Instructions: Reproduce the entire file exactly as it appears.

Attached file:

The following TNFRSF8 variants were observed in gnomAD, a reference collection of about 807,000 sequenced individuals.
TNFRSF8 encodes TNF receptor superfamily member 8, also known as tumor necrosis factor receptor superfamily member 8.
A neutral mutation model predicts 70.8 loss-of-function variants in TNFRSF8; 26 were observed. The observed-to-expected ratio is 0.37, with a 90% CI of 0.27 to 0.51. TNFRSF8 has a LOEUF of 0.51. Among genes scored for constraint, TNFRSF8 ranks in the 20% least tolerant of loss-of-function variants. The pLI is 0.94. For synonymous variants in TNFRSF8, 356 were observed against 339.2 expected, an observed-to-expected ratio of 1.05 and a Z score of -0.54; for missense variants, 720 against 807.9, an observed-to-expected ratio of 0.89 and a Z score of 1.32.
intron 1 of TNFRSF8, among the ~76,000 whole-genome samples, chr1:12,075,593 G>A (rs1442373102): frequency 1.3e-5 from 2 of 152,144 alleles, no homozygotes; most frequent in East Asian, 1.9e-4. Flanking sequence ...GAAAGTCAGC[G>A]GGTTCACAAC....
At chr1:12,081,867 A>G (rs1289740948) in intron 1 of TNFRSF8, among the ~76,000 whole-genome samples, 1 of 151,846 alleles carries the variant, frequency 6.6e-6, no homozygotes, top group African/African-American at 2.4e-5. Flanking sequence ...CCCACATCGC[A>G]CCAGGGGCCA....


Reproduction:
The following TNFRSF8 variants were observed in gnomAD, a reference collection of about 807,000 sequenced individuals.
TNFRSF8 encodes TNF receptor superfamily member 8, also known as tumor necrosis factor receptor superfamily member 8.
A neutral mutation model predicts 70.8 loss-of-function variants in TNFRSF8; 26 were observed. The observed-to-expected ratio is 0.37, with a 90% CI of 0.27 to 0.51. TNFRSF8 has a LOEUF of 0.51. Among genes scored for constraint, TNFRSF8 ranks in the 20% least tolerant of loss-of-function variants. The pLI is 0.94. For synonymous variants in TNFRSF8, 356 were observed against 339.2 expected, an observed-to-expected ratio of 1.05 and a Z score of -0.54; for missense variants, 720 against 807.9, an observed-to-expected ratio of 0.89 and a Z score of 1.32.
intron 1 of TNFRSF8, among the ~76,000 whole-genome samples, chr1:12,075,593 G>A (rs1442373102): frequency 1.3e-5 from 2 of 152,144 alleles, no homozygotes; most frequent in East Asian, 1.9e-4. Flanking sequence ...GAAAGTCAGC[G>A]GGTTCACAAC....
At chr1:12,081,867 A>G (rs1289740948) in intron 1 of TNFRSF8, among the ~76,000 whole-genome samples, 1 of 151,846 alleles carries the variant, frequency 6.6e-6, no homozygotes, top group African/African-American at 2.4e-5. Flanking sequence ...CCCACATCGC[A>G]CCAGGGGCCA....